Upon review, the Court finds this action subject to dismissal under § 1915(e)(2)(B)(ii). The gravamen of the Complaint is that Bilal contends that he and the other individuals who are civilly confined at the FCCC, are entitled to the minimum wage provision of the Fair Labor Standards Act ("FLSA"). See generally Doc. 1. Specifically, Bilal avers that "residents at the FCCC are entitled to minimum wages simply because Wellpath-Correct Care save millions of dollars in workforce payment by paying residents at FCCC less than minimum wages." Doc. 1 at 1. At the outset, the Court finds Bilal lacks standing in this matter. Significantly, a party seeking to invoke the jurisdiction of the federal court has the burden of establishing that it has standing to pursue its claim. Lujan v. Defenders of Wildlife, 504 U.S. 555, 561 (1992). To meet Article Ill's standing requirement, a plaintiff must allege and be able to demonstrate that he personally suffered injury. Griffin v. Dugger, 823 F.2d 1476, 1482-83 (11th Cir. 1987). This requirement is not met by alleging that an injury has been suffered by other individuals of the class to which the plaintiff contends he belongs and which he purports to represent. Warth v. Seldin, 422 U.S. 490, 50 (1975). Here, Plaintiffs admits he has never worked in any capacity while confined at the FCCC. See Doc. 1, ¶ 14 (stating he "has never been given or offered a pay job in the 19 years he has been in this program").

         Even if Bilal could show he worked in any capacity while at the FCCC, his claim is foreclosed by binding caselaw. The Eleventh Circuit has held that the FLSA does not apply to individuals civilly confined under Florida's SVP Act because no employee-employer relationship exists. Troville v. Calabrese, 54 Fed.Appx. 689 (11th Cir. 2002) (extending Villarreal v. Woodham, 113 F.3d 202, 204 (11th Cir. 1997) which held that the FSLA does not apply to criminal detainees under the "economic reality'" test to civilly detained individuals under Florida SVP Act); see also Shaw v. Briody, 2005 WL 2291711. No. 2:02-cv-500-FtM-33SPC (M.D. Fla. September 20, 2005).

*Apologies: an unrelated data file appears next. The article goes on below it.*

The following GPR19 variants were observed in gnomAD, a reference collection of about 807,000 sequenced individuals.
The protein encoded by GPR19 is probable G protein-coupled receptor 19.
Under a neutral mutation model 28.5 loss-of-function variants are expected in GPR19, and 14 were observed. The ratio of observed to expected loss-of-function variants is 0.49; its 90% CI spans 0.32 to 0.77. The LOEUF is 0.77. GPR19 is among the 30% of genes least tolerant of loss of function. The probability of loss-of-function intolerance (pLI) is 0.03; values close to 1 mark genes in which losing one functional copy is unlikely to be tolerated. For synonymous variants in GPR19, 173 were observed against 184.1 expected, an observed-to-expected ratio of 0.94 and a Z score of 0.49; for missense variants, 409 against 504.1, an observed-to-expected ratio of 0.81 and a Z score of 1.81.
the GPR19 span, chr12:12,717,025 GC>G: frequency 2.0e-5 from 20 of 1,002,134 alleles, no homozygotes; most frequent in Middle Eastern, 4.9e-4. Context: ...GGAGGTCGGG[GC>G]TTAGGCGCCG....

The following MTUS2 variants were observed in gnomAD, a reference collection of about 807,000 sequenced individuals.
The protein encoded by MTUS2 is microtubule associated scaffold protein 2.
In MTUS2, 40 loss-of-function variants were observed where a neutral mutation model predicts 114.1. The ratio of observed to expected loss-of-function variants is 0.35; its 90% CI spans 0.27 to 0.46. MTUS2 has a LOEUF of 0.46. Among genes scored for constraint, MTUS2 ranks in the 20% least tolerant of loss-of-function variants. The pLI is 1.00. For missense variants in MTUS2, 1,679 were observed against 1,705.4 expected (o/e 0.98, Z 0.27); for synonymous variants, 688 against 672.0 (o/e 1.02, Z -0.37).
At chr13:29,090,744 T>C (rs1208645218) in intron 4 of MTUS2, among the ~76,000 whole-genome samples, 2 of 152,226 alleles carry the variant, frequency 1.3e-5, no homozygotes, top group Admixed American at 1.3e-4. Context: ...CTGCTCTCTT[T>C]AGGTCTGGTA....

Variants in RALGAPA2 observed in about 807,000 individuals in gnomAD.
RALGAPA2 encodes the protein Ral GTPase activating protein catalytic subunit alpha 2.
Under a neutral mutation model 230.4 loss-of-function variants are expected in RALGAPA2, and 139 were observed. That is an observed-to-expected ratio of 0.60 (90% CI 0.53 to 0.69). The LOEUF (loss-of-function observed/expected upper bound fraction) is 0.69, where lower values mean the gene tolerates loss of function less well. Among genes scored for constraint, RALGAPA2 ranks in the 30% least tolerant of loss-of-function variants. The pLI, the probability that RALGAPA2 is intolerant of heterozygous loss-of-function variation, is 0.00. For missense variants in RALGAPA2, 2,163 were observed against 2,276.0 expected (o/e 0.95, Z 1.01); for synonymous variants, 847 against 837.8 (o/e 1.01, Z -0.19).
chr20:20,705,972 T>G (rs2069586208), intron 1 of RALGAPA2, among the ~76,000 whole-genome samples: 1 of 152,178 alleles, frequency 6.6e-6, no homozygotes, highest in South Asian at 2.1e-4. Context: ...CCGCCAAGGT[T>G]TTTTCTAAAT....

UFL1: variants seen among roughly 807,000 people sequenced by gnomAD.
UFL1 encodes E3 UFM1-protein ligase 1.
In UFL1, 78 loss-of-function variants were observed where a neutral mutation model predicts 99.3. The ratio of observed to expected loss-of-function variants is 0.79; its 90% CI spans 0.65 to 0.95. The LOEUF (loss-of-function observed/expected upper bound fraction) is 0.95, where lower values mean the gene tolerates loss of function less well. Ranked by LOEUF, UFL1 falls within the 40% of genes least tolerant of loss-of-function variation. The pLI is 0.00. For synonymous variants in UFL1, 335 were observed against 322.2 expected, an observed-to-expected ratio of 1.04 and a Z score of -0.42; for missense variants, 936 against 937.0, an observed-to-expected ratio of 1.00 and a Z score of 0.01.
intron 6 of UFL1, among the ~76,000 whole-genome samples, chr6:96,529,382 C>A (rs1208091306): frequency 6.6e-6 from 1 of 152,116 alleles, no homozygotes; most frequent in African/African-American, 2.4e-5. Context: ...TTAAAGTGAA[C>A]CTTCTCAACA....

Accordingly, it is hereby

         ORDERED:

1. The Complaint (Doc. 1) is DISMISSED with prejudice pursuant to 28 U.S.C. § 1915(e)(2)(B) (ii).
2. The Clerk of Court shall terminate any pending motions, enter judgment, and close this file.

         DONE and ORDERED

---------

Notes:

[1] Plaintiff is civilly committed to the Florida Civil Commitment Center ("FCCC") pursuant to the Sexual Violent Predators Act, Fla. Stat. ยงยง 394.910-.913 ("SVP Act"), by which a person determined to be a sexually violent predator is required to be housed in a secure facility "for control, care, and treatment until such time as the person's mental abnormality or personality disorder has so changed that it ...